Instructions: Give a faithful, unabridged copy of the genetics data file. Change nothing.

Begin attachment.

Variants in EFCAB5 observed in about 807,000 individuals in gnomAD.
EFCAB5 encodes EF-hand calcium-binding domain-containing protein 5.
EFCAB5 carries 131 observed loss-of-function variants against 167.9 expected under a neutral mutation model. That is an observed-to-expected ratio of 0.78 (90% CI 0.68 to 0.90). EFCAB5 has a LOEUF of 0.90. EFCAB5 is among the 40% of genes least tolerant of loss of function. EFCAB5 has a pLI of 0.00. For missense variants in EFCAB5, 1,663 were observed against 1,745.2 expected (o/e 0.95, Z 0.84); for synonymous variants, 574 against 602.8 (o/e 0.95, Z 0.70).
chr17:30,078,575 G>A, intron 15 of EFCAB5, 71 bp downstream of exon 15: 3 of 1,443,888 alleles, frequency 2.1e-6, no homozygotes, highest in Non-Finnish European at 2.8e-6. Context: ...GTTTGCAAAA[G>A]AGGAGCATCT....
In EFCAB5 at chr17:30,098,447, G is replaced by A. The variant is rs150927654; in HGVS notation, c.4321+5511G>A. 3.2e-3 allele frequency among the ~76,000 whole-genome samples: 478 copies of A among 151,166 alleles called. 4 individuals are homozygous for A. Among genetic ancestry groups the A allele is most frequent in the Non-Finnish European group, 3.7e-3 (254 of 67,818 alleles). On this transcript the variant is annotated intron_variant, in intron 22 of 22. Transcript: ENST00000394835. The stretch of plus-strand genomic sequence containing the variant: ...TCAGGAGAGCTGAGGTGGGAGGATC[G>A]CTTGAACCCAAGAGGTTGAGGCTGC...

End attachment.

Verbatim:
Variants in EFCAB5 observed in about 807,000 individuals in gnomAD.
EFCAB5 encodes EF-hand calcium-binding domain-containing protein 5.
EFCAB5 carries 131 observed loss-of-function variants against 167.9 expected under a neutral mutation model. That is an observed-to-expected ratio of 0.78 (90% CI 0.68 to 0.90). EFCAB5 has a LOEUF of 0.90. EFCAB5 is among the 40% of genes least tolerant of loss of function. EFCAB5 has a pLI of 0.00. For missense variants in EFCAB5, 1,663 were observed against 1,745.2 expected (o/e 0.95, Z 0.84); for synonymous variants, 574 against 602.8 (o/e 0.95, Z 0.70).
chr17:30,078,575 G>A, intron 15 of EFCAB5, 71 bp downstream of exon 15: 3 of 1,443,888 alleles, frequency 2.1e-6, no homozygotes, highest in Non-Finnish European at 2.8e-6. Context: ...GTTTGCAAAA[G>A]AGGAGCATCT....
In EFCAB5 at chr17:30,098,447, G is replaced by A. The variant is rs150927654; in HGVS notation, c.4321+5511G>A. 3.2e-3 allele frequency among the ~76,000 whole-genome samples: 478 copies of A among 151,166 alleles called. 4 individuals are homozygous for A. Among genetic ancestry groups the A allele is most frequent in the Non-Finnish European group, 3.7e-3 (254 of 67,818 alleles). On this transcript the variant is annotated intron_variant, in intron 22 of 22. Transcript: ENST00000394835. The stretch of plus-strand genomic sequence containing the variant: ...TCAGGAGAGCTGAGGTGGGAGGATC[G>A]CTTGAACCCAAGAGGTTGAGGCTGC...